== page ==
So even when we rely on other people or resources, we should know that Allah’s Amr (command) overcomes all.
Despite knowing the grave sins committed by his older sons, Prophet Yaqub (as) didn’t cut them off or kick them out. [Verse 66]
This teaches us the important parenting principle that no matter how grave a sin children commit, parents shouldn’t give up on them. They should be concerned about correcting them so their Akhirah can be saved. Rather than cutting them off, they should advise them so that children have the inclination to repent and take heed.
Prophet Yaqub (as) advised his sons to enter from different gates of the city to prevent the evil eye. [Verse 67]
This teaches us that relying on a Sabab (resource) or strategy doesn’t go against Tawakkul. You can have complete reliance on Allah and still adopt a suitable plan to prevent harm from befalling you or your loved ones.
Prophet Yaqub (as) was concerned about the safety of his sons but he didn’t stop them from going back to Egypt. [Verse 67]
This teaches us that as parents, we may be concerned for the wellbeing of our children but that shouldn’t make us prevent them from doing what is right and suitable. We should have Tawakkul on Allah that He will protect our children.
When Prophet Yaqub (as) found out that his youngest son had been left behind in Egypt, and despite still grieving for Prophet Yusuf’s loss, he didn’t despair for a moment and still had very positive expectations from Allah (swt). [Verse 83]
This teaches us that a true believer always has high hopes and expectations from Allah (swt), no matter how bleak circumstances seem.
Prophet Yaqub (as) was so full of sorrow over his separation from Prophet Yusuf (as) that his eyes went blind from weeping so excessively. [Verse 84]
This clearly shows us that crying and grieving are a natural part of the human experience. This doesn’t go against the teachings of Sabr (patience). What’s essential is to accept Allah’s Decree and what’s forbidden is to wail, beat yourself, or express displeasure over Allah’s Decree in front of others.
Prophet Yaqub (as) practiced Sabrun Jameel but he also expressed his grief in front of Allah (swt). [Verse 86]
This shows that it’s not contradictory to patience to mention your sorrow to Allah (swt). What goes against Sabr is to present and complain of our grief in front of other people.
When Prophet Yusuf (as) revealed his identity to his brothers, rather than reproach them over their wrongdoings and mention all the pain and struggle he’d gone through because of what they’d done to him, he simply said, “Indeed, Allah has blessed us”. [Verse 90]
This teaches us that when Allah (swt) brings us out of adversity, continuing to dwell on the past and your previous misery is to be ungrateful to Allah for His present blessings. This is why in another place in the Quran al-Kareem, mankind has been described as being “Kanood”, which means someone who doesn’t remember blessings but only complains about the adversities and difficulties in their life.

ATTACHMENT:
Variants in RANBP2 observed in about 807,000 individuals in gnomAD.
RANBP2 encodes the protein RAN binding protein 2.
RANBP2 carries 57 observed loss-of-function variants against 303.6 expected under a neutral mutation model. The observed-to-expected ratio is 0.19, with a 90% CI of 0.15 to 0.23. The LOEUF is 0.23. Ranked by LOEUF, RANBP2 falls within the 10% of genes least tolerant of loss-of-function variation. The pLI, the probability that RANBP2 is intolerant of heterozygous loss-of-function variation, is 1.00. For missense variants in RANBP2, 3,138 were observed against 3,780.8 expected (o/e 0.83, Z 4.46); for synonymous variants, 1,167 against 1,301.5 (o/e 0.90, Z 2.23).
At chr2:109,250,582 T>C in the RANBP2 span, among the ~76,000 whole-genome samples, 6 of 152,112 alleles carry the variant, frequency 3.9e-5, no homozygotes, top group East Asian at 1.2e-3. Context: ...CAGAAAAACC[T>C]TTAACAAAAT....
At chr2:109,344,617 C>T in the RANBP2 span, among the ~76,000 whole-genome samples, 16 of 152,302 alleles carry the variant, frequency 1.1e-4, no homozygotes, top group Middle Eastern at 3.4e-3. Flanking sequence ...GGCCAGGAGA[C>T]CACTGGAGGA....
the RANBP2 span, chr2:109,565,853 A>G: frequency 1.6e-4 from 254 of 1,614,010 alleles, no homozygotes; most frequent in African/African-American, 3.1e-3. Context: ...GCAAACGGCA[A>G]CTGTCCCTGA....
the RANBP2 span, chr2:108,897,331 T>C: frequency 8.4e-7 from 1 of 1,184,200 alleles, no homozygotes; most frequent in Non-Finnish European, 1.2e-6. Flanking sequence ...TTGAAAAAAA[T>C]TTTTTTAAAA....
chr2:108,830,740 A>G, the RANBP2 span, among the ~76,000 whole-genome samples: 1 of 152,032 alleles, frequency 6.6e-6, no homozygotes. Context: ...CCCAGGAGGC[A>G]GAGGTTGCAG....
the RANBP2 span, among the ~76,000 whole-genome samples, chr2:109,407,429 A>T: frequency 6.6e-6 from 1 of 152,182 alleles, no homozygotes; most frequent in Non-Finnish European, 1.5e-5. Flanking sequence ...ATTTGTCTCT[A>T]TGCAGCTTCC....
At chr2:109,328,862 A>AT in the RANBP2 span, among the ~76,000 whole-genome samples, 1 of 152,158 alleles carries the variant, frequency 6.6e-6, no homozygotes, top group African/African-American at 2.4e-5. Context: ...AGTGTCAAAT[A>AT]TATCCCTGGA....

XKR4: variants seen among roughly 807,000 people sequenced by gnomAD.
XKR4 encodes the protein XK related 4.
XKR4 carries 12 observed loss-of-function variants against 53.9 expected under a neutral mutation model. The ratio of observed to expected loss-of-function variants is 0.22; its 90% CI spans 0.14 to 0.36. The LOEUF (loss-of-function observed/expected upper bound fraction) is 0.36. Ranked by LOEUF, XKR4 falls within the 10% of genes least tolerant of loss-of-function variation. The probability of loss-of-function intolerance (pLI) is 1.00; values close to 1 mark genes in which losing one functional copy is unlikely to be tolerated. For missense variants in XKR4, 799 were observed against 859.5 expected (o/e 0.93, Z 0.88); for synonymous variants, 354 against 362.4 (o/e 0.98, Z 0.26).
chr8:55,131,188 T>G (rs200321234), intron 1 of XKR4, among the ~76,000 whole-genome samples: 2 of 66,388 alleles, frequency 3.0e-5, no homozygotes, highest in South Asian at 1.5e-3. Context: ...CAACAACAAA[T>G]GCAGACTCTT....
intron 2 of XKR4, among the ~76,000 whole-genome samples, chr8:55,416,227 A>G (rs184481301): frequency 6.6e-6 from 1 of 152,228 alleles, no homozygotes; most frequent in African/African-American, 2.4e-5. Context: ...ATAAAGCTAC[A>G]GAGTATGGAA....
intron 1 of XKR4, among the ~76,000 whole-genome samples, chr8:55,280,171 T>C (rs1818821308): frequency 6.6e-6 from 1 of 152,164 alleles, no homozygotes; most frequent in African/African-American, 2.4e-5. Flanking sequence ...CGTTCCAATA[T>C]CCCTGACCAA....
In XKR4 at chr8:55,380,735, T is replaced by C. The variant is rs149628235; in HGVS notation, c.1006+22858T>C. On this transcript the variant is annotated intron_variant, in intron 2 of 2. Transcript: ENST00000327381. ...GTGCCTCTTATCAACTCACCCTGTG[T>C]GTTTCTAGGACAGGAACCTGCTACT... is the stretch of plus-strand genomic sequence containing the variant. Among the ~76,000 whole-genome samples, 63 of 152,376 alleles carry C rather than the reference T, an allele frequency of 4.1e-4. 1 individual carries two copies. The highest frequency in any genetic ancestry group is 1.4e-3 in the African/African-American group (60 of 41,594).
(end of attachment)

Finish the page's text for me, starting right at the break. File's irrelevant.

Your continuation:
Prophet Yusuf (as) told his brothers that Allah (swt) does not waste the reward of those who are patient and have Taqwa. [Verse 90]
This verse teaches us that Taqwa (staying away from sins) and Sabr (being patient when faced with challenges) are the two qualities that can help a person come out of any difficulty and lead to success in both this world and the next.
When seeing his brothers in such a lowly position that they were completely powerless before him, rather than gloating or reminding them of their past sins, Prophet Yusuf (as) forgave them and reminded them of Allah’s mercy. [Verse 92]
This is the level of Ihsan and kindness we should strive to adopt in our dealings with other people.
Despite the awful things his brothers did to him and how much he suffered as a consequence of their actions, Prophet Yusuf (as) didn’t hold any grudge against them. [Verse 92]
This shows us that we should also strive to have a pure heart and not bear any grudges against the ones who wrong us. Forgive them for the sake of Allah (swt) and He will compensate us.
At the end of the story, the Quran al-Kareem mentions the Dua of Prophet Yusuf (as) in which he asks Allah (swt) for death upon Islam and company with the righteous. [Verse 101]
This shows us that no matter how many blessings a person has been given in this world, the ultimate blessing is to die upon Iman and to be counted among the righteous.
May Allah (swt) bless us with the Taufiq to practice these lessons, ameen.
Which lesson resonates with you the most? I’d love to know! Leave a comment below to share your thoughts.
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Khadija Khan is a wife, mommy, certified life coach, and Islamic counselor. She is passionate about helping Muslim women reach their goals in all areas of life. She writes about things like Islamic spirituality, relationships, parenting, and personal development. Continue Reading…